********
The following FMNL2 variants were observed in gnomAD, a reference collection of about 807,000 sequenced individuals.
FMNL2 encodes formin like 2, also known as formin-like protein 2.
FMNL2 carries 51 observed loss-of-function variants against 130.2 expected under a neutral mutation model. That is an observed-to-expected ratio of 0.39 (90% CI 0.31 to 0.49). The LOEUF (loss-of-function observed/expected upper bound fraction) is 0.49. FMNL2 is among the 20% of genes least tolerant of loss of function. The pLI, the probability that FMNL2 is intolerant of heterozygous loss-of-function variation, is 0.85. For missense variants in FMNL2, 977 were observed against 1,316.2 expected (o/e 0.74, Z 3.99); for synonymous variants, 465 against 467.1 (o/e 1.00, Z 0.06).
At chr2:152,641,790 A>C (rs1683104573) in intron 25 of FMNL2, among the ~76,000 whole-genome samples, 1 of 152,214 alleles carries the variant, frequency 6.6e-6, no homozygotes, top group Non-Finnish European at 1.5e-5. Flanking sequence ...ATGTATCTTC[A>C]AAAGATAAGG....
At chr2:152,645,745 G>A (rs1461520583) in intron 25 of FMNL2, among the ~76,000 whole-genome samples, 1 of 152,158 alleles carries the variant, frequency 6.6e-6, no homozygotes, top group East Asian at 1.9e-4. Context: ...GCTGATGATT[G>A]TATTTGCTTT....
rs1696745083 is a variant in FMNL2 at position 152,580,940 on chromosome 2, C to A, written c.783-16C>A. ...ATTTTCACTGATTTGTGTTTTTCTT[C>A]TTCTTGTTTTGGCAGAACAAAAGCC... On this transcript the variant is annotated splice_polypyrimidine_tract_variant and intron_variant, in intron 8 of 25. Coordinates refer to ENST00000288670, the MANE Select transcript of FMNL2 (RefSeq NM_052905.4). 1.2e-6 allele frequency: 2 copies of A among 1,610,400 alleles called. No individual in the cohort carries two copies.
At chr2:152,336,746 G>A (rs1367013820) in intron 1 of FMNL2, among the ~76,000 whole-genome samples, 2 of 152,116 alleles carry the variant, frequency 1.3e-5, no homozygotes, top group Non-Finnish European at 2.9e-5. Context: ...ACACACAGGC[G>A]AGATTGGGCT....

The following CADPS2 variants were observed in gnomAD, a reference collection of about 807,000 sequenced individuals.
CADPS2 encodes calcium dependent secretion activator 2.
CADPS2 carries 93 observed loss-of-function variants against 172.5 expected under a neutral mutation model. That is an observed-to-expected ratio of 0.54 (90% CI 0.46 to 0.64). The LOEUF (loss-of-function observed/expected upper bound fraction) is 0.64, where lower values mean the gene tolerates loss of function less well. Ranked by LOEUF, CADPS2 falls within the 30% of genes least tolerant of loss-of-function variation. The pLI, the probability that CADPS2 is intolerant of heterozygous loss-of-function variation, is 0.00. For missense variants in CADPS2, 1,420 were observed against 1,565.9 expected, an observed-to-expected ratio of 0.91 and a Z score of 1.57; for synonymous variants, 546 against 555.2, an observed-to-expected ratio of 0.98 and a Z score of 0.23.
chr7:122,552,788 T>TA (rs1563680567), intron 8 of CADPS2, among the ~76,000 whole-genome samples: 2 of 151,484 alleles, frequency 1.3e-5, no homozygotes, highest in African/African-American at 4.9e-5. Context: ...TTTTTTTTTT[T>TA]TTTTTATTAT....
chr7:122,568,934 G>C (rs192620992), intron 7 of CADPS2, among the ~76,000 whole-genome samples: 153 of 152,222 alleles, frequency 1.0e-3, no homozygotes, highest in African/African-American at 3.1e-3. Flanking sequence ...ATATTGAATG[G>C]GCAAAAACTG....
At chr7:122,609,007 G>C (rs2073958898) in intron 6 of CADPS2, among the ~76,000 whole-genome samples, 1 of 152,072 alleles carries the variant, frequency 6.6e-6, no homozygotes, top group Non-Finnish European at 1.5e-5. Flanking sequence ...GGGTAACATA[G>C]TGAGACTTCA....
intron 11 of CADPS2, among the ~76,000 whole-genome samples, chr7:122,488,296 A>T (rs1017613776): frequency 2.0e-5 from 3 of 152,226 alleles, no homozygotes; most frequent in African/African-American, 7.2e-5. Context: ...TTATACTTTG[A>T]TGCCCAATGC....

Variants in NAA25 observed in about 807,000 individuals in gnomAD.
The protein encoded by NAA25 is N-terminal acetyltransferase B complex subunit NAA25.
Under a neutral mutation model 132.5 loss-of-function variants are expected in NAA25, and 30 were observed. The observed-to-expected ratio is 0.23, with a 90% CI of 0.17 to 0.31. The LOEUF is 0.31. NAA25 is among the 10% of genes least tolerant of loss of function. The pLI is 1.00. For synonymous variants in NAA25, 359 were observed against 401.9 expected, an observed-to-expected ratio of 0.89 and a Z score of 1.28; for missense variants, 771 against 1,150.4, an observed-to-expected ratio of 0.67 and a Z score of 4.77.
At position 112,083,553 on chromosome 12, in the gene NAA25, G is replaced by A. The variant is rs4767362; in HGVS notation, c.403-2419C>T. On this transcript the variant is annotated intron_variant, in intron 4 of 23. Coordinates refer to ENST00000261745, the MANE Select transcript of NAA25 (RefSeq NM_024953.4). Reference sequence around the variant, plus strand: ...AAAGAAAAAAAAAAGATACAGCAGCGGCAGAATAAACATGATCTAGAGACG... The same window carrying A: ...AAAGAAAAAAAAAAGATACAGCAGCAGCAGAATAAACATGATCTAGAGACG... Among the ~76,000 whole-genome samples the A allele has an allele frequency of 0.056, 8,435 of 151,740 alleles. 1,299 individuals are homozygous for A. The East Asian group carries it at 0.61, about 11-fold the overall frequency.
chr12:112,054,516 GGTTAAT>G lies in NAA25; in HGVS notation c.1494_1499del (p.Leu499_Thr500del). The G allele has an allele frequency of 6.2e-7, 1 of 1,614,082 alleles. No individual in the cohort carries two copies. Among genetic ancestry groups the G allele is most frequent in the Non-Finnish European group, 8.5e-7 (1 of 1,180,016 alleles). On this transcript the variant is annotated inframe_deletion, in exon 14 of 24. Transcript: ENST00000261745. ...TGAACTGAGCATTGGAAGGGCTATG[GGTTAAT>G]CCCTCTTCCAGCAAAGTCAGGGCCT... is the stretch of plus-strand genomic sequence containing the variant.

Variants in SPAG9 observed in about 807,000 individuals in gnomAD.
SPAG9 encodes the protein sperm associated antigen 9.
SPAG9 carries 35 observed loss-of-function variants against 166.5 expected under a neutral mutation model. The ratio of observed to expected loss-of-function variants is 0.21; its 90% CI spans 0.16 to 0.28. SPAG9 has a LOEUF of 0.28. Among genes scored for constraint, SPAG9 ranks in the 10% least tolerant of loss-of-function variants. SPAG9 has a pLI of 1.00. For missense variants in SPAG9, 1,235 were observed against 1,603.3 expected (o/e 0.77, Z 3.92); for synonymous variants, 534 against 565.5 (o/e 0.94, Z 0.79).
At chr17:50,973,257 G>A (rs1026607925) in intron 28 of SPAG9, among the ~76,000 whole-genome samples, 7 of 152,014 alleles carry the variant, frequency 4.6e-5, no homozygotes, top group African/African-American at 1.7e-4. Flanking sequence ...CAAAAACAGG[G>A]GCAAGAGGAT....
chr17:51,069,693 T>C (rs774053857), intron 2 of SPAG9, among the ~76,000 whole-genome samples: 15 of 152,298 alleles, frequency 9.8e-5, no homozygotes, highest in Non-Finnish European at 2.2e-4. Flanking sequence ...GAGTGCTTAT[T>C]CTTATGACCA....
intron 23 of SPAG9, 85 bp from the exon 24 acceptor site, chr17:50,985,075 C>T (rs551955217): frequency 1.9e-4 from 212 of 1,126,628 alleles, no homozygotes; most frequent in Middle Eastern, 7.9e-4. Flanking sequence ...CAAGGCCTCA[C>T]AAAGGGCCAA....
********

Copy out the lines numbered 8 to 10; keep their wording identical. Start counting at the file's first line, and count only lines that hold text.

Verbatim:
The following CADPS2 variants were observed in gnomAD, a reference collection of about 807,000 sequenced individuals.
CADPS2 encodes calcium dependent secretion activator 2.
CADPS2 carries 93 observed loss-of-function variants against 172.5 expected under a neutral mutation model. That is an observed-to-expected ratio of 0.54 (90% CI 0.46 to 0.64). The LOEUF (loss-of-function observed/expected upper bound fraction) is 0.64, where lower values mean the gene tolerates loss of function less well. Ranked by LOEUF, CADPS2 falls within the 30% of genes least tolerant of loss-of-function variation. The pLI, the probability that CADPS2 is intolerant of heterozygous loss-of-function variation, is 0.00. For missense variants in CADPS2, 1,420 were observed against 1,565.9 expected, an observed-to-expected ratio of 0.91 and a Z score of 1.57; for synonymous variants, 546 against 555.2, an observed-to-expected ratio of 0.98 and a Z score of 0.23.